Some quick facts on California Champagne
Malibu Family Wines in the Malibu Canyons.


  • Champagne is not solely for celebrations and special events. Despite eighty percent of the sparkling wine sale in America takes place between the months of November and January. Our wine connoisseur makes sure it is a style of wine that can be enjoyed at any time of year and also can match very well with certain types of food. Our wine-specialist suggests: “Try a great California Champagne as any aperitif or at the beginning of the meal. It also pairs great with a light appetizer or a sweet dessert as well.”
  • Californian Champagne differs from all other sparkling wines as wine-producers in the State of California can not add any sugar to its wine. Luckily, the warm Southern California weather found in for instance the Malibu Canyons, Santa Barbara and the Santa Ynez- and Santa Maria Valleys, is warm enough and the sun strong enough that ripening grapes to a good sweetness is not often a problem at all in SoCal. Very little at all can be added to California wine during fermentation as well, with the exception of clarifying agents and yeast.
  • Better wine glasses lead to better champagne and bubbles. Fluters – tall and slender champagne glasses –help keep the wine sparkling longer and more “powerful”. The best flute has a small etching at the bottom of the flute that helps the bubbles rising from the bottom of the flute-wine glass. And do not worry, all our limousines are equipped with state-of-the-art champagne glasses and California Champagne.
  • California Champagne gets you tipsy quickly. Carbonation in champagne makes the valve more relaxed; the valve is the area between your stomach and a small intestine, which is where the alcohol is absorbed by the blood quickly. So while a heavy red wine stays in the stomach longer, sparkling wine enters the small intestine more quickly and goes to your head faster, which leads to a light tipsiness that comes and leaves faster.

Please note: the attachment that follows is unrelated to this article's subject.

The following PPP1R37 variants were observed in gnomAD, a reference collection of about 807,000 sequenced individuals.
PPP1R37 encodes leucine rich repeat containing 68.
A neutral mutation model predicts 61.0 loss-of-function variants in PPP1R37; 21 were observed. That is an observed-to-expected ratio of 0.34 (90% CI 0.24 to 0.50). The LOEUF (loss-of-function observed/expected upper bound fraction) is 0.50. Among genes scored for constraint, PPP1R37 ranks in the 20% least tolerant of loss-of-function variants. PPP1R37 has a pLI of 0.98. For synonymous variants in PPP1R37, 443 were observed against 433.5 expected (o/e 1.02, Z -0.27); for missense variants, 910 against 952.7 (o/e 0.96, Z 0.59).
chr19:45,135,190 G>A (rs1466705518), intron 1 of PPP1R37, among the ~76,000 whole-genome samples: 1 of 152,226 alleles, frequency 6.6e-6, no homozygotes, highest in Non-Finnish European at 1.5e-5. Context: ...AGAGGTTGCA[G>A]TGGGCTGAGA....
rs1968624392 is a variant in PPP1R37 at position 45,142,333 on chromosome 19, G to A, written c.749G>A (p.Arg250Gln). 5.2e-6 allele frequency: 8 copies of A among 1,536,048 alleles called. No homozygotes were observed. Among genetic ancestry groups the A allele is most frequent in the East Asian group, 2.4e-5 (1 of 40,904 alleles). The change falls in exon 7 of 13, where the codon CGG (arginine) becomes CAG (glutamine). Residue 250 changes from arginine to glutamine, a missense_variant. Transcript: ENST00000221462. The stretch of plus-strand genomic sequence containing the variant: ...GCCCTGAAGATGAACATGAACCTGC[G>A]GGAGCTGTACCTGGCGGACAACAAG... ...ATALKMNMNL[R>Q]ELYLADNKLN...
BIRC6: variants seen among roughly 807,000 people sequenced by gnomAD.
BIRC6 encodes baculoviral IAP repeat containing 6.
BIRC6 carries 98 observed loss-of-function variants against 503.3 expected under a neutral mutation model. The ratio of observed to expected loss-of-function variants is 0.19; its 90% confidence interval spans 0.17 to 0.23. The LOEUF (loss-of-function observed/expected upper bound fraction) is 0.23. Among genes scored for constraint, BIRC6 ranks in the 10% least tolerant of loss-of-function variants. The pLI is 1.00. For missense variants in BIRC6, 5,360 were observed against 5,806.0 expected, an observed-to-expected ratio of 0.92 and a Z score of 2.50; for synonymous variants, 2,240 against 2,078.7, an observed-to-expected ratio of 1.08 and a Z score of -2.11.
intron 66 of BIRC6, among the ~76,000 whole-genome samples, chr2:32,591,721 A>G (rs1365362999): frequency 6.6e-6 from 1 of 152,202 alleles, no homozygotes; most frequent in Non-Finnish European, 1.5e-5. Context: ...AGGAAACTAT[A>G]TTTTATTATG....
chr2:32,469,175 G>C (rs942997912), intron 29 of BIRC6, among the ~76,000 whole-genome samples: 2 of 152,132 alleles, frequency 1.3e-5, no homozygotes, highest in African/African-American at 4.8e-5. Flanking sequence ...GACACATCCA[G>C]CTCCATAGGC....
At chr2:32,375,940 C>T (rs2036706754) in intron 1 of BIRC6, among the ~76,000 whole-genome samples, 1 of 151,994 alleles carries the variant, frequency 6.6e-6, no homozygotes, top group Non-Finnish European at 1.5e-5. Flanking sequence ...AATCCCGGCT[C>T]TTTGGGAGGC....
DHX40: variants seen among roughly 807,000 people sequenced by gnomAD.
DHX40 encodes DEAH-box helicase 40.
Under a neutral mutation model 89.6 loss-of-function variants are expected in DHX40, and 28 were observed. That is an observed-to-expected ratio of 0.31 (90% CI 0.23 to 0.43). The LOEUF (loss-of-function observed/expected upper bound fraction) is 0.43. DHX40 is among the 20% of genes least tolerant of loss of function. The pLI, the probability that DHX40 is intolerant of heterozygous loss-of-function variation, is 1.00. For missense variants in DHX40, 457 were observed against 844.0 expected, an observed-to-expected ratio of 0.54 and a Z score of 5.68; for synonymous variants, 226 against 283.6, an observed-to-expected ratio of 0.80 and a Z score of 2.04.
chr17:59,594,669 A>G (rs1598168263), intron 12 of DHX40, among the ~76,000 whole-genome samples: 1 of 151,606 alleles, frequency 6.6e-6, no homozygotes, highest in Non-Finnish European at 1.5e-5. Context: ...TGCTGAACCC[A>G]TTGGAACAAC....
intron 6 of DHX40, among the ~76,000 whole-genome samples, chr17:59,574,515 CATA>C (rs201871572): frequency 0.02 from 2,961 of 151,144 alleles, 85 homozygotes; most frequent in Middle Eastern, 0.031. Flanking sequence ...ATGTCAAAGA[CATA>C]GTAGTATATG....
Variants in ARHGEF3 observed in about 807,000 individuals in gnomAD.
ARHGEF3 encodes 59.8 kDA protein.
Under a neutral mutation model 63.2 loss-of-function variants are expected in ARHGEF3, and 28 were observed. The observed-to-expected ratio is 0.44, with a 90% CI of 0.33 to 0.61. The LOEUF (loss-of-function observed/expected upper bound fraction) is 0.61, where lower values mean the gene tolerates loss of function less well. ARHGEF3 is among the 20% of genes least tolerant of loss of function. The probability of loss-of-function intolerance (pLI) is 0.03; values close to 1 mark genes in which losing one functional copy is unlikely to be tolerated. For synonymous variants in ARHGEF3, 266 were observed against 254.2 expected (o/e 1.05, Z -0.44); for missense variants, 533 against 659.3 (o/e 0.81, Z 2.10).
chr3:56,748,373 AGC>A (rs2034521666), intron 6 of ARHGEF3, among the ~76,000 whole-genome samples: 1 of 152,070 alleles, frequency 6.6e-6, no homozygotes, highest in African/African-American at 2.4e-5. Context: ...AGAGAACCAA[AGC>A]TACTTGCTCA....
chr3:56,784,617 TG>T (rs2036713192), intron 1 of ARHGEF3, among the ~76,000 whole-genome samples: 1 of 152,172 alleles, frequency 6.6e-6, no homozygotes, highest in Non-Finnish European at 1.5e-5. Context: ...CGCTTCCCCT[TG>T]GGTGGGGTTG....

• Champagne-producing is a high-pressure process. The pressure inside of a sparkling wine bottle made by the dissolved carbon dioxide gas, is about ninety pounds per square inch, or about 3 times the pressure found in your car tires. This is also why the glass bottles of California Champagne is so solid, thick and heavy, and the champagne cork is able to shoot such a far distance.
  • Remember that all champagnes aren't the same(!) The more expensive the sparkling wine is, generally speaking, the tinier the bobbles and creamier it feels in the mouth. The finest California champagnes barely taste fizzy, while the cheaper supermarket sparkling wines feel like fizzy water or even soda if you're unlucky.

N
ow that we taught you a bit, contact or call us to book your limo wine tour! We are leaders in Santa Barbara Wine Tours, Santa Ynez Wine Tours, & Malibu Wine Tours.  Choose a Sedan, SUV, stretch limousine, hummer limousine, or party bus.  Pick your vehicle and the decide what region you would like to take your wine tour. There are so many wineries to choose from and our Santa Barbara limo wine tour specialists can help you decide.   Is it a simple Santa Barbara Wine Tasting you want? A visit to Santa Ynez Wineries?  Many of our clients prefer just hanging around the Los Olivos wineries, as there are so many tasting rooms in one small area.  The same could also be said for Solvang Wine Tasting rooms, where all the wine-tasting venues are located on the same small road. Santa Barbara Wine Tour options are a nice way to celebrate any occasion, so request a quote online or call today to reserve your wine tour limo!